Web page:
Delta Air Lines

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Delta predicts 2020 profit growth; CEO says more people turning to air travel

Tracy Rucinski
DECEMBER 12, 2019 / 7:05 PM

CHICAGO (Reuters) - Delta Air Lines Inc (DAL.N) sees another annual rise in profit and revenue in 2020 driven by what Chief Executive Ed Bastian called a growing interest in air travel by consumers across the generational spectrum.

“People are more inspired to travel,” Bastian told Reuters ahead of the carrier’s investor day, citing the increased affordability of flying and advances in social media and technology, even as environmental and “flight-shaming” activists threaten air travel growth in Europe.

Atlanta-based Delta is forecasting 2020 profit of $6.75 to $7.75 per share, versus analysts’ mean estimate of $7.06 according to IBES data from Refinitiv, on revenue growth of 4% to 6% and $4 billion of free cash flow.

Still, Bastian said Delta’s investors and customers are also increasingly concerned about the environmental impact of air travel and cited airlines’ ability to protect the environment as an existential threat to their growth.

For 2020, the chief risk to Delta’s earnings forecast is any deterioration in U.S. consumer health, he said.

On Wednesday, the International Air Transport Association (IATA) said overall airline profit is on course to fall faster than it initially expected in 2019 as trade wars hit global commerce and broader confidence, though it predicted a modest recovery next year.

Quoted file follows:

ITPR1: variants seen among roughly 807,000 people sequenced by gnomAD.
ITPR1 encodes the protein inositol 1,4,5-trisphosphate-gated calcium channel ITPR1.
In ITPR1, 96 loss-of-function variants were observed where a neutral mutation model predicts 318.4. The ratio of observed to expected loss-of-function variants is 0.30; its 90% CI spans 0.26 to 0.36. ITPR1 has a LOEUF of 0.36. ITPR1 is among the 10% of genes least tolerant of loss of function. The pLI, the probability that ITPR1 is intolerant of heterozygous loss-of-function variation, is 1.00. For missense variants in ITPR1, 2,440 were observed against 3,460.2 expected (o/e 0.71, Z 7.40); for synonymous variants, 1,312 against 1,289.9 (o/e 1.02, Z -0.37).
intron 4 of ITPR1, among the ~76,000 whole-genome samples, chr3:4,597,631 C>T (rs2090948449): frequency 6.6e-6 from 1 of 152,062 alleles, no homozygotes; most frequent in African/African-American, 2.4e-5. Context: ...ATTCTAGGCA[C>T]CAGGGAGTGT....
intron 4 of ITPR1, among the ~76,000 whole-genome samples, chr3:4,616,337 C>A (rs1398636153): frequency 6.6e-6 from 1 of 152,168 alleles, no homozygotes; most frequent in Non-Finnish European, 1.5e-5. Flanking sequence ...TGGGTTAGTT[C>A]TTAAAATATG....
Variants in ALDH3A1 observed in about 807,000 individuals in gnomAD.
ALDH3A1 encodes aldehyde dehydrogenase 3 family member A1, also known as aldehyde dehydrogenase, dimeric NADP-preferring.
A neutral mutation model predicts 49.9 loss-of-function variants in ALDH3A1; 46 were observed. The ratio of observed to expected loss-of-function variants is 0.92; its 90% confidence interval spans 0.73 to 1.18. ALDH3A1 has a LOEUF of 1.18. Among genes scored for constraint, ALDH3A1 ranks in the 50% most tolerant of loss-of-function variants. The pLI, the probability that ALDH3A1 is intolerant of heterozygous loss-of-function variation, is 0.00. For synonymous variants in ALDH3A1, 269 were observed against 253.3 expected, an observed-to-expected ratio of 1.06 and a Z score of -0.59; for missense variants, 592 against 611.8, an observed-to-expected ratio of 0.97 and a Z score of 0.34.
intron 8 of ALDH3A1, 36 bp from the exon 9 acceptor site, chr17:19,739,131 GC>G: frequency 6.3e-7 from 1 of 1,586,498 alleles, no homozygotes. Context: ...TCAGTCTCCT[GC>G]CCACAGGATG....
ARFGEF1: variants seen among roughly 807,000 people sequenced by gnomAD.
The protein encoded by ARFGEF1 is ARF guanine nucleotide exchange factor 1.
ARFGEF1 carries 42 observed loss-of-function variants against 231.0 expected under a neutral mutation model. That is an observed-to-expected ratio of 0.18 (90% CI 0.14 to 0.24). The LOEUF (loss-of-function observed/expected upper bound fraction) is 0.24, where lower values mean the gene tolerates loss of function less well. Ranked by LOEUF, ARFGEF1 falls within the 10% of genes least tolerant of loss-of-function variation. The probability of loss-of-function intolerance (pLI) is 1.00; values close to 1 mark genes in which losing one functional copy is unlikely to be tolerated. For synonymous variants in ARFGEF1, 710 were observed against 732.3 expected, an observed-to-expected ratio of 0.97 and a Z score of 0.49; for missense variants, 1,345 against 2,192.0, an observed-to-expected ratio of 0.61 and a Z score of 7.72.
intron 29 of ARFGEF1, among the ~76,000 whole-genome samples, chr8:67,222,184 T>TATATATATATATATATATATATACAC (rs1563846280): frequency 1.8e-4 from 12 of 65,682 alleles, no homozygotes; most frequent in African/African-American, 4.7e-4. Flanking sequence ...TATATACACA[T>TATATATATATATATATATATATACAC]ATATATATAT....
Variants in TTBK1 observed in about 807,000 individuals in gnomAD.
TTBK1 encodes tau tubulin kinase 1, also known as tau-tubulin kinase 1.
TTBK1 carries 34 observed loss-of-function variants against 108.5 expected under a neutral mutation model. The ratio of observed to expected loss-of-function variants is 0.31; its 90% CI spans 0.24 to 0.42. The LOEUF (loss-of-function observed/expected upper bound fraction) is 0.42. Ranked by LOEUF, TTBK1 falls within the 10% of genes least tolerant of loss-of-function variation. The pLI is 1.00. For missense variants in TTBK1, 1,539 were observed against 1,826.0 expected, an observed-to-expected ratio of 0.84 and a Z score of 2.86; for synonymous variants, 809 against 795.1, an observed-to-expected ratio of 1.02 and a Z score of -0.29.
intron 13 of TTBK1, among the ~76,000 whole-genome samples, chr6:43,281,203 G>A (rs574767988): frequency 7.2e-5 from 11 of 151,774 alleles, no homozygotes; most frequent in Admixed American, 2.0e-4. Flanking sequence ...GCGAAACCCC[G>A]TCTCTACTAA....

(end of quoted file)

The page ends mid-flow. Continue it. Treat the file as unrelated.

Delta’s 2020 revenue target already takes into account uncertainty on the timing of a return to service of the Boeing Co (BA.N) 737 MAX, which has forced U.S. competitors Southwest Airlines Co (LUV.N), American Airlines Group Inc (AAL.O) and United Airlines Holdings Inc (UAL.O) to cancel flights in a marginal benefit to Delta, which does not own the aircraft.

The 737 MAX was grounded after a fatal crash in Ethiopia in March, about five months after another fatal crash in Indonesia.

Delta also announced on Thursday a deal for its Delta Private Jets subsidiary to partner with Wheels Up, a private aviation company with 190 aircraft, to create one of the world’s largest owned and managed fleets of private jets.

While private aviation has a larger environmental impact than commercial flying, Bastian said empty legs as jets are repositioned account for 40% to 50% of private flying. By making it more accessible and affordable, the jets can be better utilized.

“It’s not something we’ll ever market as sustainable but certainly as an improvement,” Bastian said.

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